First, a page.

When one thinks about Judas the question that comes to mind is “Why?” Why did he think it was okay to betray, and what did he think was going to come of this since he knew that Jesus came from heaven? It is astounding when one thinks about it. However, is it much different than when Moses led the people of Israel out of Egypt and they continued to complain against him (so they thought), but in actuality they complained against the Lord? It is really not different at all. When one is bent on thinking and doing evil, why let anything of the Lord get in the way?!
Some of us have an unfavorable opinion of some politicians today. Our unfavorable view of these men and women is associated with their willingness to lay principles of righteousness to the side in order to put themselves in favor with a portion of the population if they think it will help for their reelection. I wonder if any of them ever knew Pilate personally (27:18, 24; 28:11-14)!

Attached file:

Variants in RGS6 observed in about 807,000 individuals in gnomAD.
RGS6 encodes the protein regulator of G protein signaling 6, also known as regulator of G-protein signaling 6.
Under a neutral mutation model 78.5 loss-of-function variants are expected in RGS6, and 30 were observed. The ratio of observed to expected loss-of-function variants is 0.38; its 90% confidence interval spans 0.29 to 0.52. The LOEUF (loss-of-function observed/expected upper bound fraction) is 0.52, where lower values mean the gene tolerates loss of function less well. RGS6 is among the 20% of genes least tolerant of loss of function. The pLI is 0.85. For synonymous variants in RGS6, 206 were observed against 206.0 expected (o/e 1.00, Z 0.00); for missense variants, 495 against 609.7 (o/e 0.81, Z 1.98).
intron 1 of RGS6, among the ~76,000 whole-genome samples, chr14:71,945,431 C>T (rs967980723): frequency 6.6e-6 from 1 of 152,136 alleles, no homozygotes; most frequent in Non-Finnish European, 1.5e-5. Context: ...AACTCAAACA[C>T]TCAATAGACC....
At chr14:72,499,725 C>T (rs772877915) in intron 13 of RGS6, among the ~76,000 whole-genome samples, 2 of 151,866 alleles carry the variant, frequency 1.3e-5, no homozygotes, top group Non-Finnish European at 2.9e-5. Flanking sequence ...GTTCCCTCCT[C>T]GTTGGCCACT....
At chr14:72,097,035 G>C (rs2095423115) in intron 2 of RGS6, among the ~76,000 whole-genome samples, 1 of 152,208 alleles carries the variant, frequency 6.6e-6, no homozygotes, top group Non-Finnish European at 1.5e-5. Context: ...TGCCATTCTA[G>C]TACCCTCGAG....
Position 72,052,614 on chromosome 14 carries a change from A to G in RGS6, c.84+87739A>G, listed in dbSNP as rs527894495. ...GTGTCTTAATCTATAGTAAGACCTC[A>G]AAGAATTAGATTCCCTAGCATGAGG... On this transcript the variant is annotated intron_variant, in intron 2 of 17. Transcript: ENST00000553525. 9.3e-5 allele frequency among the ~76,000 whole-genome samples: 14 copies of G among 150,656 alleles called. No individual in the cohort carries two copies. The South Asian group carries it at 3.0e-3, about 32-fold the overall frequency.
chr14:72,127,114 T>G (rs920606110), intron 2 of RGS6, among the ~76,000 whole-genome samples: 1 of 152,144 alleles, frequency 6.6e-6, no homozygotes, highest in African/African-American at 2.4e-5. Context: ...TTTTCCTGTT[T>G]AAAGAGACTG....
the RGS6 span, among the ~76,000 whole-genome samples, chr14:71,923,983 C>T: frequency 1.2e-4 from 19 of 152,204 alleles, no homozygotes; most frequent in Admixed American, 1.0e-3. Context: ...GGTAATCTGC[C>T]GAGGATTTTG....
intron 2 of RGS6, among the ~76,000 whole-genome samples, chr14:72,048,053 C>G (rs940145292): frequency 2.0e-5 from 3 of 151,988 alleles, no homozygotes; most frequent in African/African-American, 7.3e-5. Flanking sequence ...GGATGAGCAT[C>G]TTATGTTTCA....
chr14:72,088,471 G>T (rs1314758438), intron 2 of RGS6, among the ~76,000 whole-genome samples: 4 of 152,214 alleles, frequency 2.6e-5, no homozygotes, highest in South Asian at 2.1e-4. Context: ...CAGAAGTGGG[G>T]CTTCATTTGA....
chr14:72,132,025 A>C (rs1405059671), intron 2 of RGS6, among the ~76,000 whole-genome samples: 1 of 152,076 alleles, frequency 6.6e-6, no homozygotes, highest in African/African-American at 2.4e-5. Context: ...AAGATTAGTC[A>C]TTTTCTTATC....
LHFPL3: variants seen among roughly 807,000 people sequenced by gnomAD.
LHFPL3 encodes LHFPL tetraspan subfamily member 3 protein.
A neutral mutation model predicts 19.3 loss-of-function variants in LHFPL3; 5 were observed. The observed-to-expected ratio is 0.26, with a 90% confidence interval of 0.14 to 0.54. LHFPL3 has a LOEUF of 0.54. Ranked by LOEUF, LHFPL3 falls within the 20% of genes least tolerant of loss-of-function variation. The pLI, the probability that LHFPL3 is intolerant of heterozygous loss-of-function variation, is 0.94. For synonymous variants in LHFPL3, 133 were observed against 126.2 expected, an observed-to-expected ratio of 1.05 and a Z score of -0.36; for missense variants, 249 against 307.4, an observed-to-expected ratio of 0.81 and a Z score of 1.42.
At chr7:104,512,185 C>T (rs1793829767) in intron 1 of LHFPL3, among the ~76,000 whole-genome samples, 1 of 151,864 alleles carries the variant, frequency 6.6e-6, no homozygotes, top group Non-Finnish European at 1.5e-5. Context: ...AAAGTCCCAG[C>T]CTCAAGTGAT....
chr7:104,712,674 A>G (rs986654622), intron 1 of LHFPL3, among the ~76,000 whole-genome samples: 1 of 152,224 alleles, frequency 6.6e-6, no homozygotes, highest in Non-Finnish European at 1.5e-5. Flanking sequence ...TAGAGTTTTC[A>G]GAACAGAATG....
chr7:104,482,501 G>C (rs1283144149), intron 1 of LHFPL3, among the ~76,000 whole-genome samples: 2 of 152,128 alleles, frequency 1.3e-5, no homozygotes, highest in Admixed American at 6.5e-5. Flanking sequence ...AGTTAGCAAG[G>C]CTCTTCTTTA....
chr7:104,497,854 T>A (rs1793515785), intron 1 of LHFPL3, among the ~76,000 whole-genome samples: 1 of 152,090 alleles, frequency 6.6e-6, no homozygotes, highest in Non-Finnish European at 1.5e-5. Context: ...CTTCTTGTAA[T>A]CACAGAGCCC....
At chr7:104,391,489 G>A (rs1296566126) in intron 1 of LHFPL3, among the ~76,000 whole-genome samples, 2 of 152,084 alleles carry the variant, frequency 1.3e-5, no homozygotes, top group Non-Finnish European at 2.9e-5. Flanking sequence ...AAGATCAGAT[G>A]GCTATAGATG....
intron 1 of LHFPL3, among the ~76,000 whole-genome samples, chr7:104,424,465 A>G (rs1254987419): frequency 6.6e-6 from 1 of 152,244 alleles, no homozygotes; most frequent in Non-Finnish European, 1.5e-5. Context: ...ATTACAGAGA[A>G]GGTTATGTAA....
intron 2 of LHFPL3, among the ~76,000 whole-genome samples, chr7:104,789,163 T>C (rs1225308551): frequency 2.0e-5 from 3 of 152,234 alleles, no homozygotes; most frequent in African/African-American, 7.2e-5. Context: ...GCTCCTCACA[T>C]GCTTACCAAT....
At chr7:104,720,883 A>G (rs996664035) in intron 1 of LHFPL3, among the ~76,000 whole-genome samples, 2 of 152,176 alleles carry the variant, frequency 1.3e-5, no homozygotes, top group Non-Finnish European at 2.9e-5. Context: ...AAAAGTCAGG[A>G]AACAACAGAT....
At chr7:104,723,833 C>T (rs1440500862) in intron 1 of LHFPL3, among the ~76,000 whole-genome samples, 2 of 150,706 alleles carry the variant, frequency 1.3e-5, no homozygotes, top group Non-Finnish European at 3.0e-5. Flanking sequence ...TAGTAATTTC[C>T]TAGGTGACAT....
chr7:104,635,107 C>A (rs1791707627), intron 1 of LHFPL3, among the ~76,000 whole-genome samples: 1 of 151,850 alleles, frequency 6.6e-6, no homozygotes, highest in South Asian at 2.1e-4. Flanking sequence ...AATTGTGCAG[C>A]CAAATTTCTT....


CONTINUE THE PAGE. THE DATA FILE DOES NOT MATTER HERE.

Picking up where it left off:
The thief on the cross and his conversion is a perplexing thing. Matthew records that both thieves crucified alongside the Lord “reviled Him.” Luke, however, says that one of those two rebuked the other (23:40-42). What shall we make of that? Perhaps something like this occurred: As all three were hanging there the angst, anxiety, and intense pain was contributed to what each thought and said. Those standing there may have made a contribution to the thinking and reviling the thieves made toward the Lord. There may have been a contribution, but a contribution that did not control the thinking of one. As one reflected on what he knew of the Lord (if he knew anything), on what he heard others say who were standing nearby, how he observed what Rome did in executing this punishment, he had a change of heart. This change of heart produced in him a change of words. As Matthew records it, the thief reviled the Lord; as Luke records it, the thief now thought differently.